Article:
Re-siting Dimplex Storage heater

Hi,
Floorboards up for some light re-wiring.
I was toying with the idea of moving a night storage heater. Dimplex.
2 problems:
1. How do I find out what current the heater is. No markings on the outside except XT18 series G.
2. The heater is approximately 14 metres from the CU. Can I use 2.5mm T+E to wire it up?
Any help would be appreciated, I keep hitting brick walls...
TIA, Colin
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I have discovered that the heater is rated at 2.55kW.
Therefore, only thing stopping me is: is 2.5mm T+E OK for 14 metres?
Colin
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Yes, actually slightly OTT.
Handy cable calculator at: http://www.tlc-direct.co.uk/Technical/Charts/VoltageDrop.html
--
fred

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Thanks.
Is that right... I could run a 2.55kW heater on 1mm cable. Sounds a bit risky!
Colin
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Agreed, all the specs are based on acceptable volt drop and acceptable temperature rise in the cable/connectors. If you've ever run 13A through even a good 13A plug then you'll know that you don't really want to run it that close to the limits. Notice that 1mm2 was only suitable for cable in free air, safer with 1.5 or 2.5mm, but I notice Rich has doubts about your 2.5kW rating, was that from a rating plate, there should be one? 2.5mm sounds safer in case it is 3+kW, it's cheap.
Regards,
--
fred

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To find the rating plate you have to remove the front/top cover ( ONLY TO BE DONE WHEN THE HTR IS SWITCHED OFF AT THE MAIN WALL SWITCH, DO NOT TRUST THE FACT YOU ARE DOING IT DURING THE DAY AND THE E-7 IS OFF IT MIGHT SWITCH BACK ON )by undoing the 3 screws across the top back of the htr then pull the panel forward and lift the top panel up a bit the bottom front is hinged on the front part of the feet it then unhooks off the feet and gives access to the wiring connections the rating plate is either at the bottom left or the bottom right down by the feet. It is standard practice to use 2.5T+E as the supply cable to storage htr's with a 15Amp fuse protecting the circuit.
Rich

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A Dimplex XT18 has 3 850Watt elements in it and would be supplied by a dedicated circuit of 2.5 T+E cable with a Double Pole switch by the heater and protected at the fuse box by it's own 15Amp fuse ( generally a cartridge fuse ) Be very careful if moving it far with the bricks in it as these bashing around can damage the insulation inside and can then result in scorch marks on the outer panels as the heat can then escape through the damaged insulation!!!!!
Rich
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cartridge
marks
Thanks everyone for your answers...
A supplemental question... If I have 4 of these suckers wired through my CU (economy 7). What minimum size fuse should the CU have for them.
Cheers, Colin
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"Colin" wrote in message

Do you mean the fuse for each heater circuit, or feeding the whole off-peak CU?
For the former, 15 or 16 A per heater, as has already been said. If you mean the latter, then it needs to be at east enough to supply the total load of 4 times 2.55 kW, i.e. 10.2 kW which equates to 40-odd amps at 230/240 V - so you'd need at least a 45 A fuse. Normally though this function would be performed by the supplier's main fuse of 60 or 100 A (depending on the age of your installation) and the metering equipment would provide a switched supply to the CU.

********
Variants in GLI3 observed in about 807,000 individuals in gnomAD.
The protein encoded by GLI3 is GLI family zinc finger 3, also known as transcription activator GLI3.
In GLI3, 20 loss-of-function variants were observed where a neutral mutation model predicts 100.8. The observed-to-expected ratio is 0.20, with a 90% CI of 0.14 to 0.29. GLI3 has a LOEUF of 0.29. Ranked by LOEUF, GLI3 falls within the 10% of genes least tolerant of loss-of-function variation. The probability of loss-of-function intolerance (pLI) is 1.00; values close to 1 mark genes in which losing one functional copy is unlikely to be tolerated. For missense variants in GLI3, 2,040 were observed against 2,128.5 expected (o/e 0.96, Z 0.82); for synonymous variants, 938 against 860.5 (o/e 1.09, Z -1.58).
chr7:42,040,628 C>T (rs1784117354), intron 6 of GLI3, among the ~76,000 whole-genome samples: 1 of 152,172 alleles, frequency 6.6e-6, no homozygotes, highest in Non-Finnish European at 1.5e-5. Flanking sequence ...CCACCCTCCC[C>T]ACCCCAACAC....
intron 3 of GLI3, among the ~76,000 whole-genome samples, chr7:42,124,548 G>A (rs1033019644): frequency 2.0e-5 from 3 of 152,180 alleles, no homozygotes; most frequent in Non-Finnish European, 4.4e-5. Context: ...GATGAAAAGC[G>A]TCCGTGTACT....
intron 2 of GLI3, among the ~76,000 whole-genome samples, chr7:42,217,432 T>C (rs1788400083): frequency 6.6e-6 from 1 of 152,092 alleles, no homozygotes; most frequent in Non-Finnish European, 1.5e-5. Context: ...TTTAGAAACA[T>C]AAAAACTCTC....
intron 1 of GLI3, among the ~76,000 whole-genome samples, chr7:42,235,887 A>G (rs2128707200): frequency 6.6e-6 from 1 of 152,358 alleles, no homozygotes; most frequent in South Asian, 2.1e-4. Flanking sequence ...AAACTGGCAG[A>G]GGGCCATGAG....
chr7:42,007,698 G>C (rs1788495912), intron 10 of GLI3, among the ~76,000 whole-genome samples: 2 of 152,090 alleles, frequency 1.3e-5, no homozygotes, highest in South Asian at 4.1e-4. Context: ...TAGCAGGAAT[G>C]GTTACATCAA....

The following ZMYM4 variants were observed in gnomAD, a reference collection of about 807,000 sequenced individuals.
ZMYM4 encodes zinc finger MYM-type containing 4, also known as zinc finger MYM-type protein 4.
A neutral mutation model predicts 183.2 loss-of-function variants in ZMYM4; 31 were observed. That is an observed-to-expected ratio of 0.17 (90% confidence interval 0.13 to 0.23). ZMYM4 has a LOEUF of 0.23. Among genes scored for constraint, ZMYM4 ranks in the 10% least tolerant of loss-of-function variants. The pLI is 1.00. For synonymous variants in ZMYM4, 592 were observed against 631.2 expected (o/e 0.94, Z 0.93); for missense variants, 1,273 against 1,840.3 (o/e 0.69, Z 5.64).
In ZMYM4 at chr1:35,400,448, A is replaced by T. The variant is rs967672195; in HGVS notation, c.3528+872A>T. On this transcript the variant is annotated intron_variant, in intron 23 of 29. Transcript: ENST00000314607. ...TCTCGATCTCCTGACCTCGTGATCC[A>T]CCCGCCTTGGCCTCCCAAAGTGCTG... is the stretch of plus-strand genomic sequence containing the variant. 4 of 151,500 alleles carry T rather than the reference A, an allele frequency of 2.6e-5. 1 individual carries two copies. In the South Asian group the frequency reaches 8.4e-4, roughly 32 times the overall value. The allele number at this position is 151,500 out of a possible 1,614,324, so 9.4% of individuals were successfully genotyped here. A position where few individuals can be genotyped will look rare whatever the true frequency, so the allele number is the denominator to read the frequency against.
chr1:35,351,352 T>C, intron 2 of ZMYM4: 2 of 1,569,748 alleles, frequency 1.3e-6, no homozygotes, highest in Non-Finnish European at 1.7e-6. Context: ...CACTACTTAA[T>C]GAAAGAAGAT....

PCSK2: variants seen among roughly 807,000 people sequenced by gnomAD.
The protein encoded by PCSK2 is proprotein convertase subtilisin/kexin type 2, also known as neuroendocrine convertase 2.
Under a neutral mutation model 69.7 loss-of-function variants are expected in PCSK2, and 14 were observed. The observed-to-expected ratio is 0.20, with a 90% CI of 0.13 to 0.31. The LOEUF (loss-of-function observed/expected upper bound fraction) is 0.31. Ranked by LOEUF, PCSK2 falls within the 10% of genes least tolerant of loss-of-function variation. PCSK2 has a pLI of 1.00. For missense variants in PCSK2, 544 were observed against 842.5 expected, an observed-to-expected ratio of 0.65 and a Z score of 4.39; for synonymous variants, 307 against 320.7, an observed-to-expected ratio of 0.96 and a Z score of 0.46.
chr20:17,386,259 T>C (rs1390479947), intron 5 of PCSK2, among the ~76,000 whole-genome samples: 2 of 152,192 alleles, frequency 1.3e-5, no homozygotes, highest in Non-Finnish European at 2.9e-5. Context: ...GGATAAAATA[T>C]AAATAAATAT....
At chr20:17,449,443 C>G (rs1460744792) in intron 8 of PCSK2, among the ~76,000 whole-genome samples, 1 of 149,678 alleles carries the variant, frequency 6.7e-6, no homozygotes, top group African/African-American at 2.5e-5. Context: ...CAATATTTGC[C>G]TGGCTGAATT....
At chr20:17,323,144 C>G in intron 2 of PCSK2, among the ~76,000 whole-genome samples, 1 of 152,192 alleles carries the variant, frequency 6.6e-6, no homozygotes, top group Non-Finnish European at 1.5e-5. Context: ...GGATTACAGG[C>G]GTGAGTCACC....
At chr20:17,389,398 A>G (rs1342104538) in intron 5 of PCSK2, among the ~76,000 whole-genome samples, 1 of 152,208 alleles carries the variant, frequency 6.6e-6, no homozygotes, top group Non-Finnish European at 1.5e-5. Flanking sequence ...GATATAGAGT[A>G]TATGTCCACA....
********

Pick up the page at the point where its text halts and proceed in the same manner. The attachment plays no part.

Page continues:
Does that help?
PS: storage heaters are rated in terms of kWh of energy storage (per day). Yours are 18 kWh units - clear from the "18" in the model no. The normal range of sizes is 6, 12, 18 and 24 kWh. Divide the kWh figure by 7 (hours) to get the power rating in kW.
--
Andy



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Volts times Amps = Watts. So, Amps = Watts divided by Volts. So, to a perfectly good approximation, on British mains voltage, 240V in practice and we'll call it 250 just to make for round numbers, 1kw = 1000W draws 4A. Your heaters are 2.5kW each, aren't they? So each one pulls 10A. 3kW ones would pull 12A.
As others have said, it's almost universal practice to run separate 2.5mmsq cables to each heater, each one with a 15A fuse/MCB. In rare cases - two storage heaters close to each other but far from the CU - you might run a 4mmsq cable to supply both, fused at 30A.
HTH, Stefek
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OK...
Sounds fair enough.
This leadds me to my final question... If I run the new storage heater off a new fuse on the main CU, I can put a timer next to the heater to switch on/off at off-peak times. Supposing the heater ws accidentally or puposely left on 24 hours instead of just 7. Would that do it any harm?
Thanks, Colin
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Why do you want to run the htr off the normal supply?? if you did and the htr was accidentally switched on for more than 7 hrs I would think the charge controller i.e. the knob which determines how hot the htr gets would switch of the elements until it cooled enough for the control to switch back in if this was an on going situation you may find the cut-out operating so the htr would go cold. But at the end of the day it should be on the Off-peak fuse box also main house fuse should be a 100Amp in the sealed cut out of the boards property.
Rich

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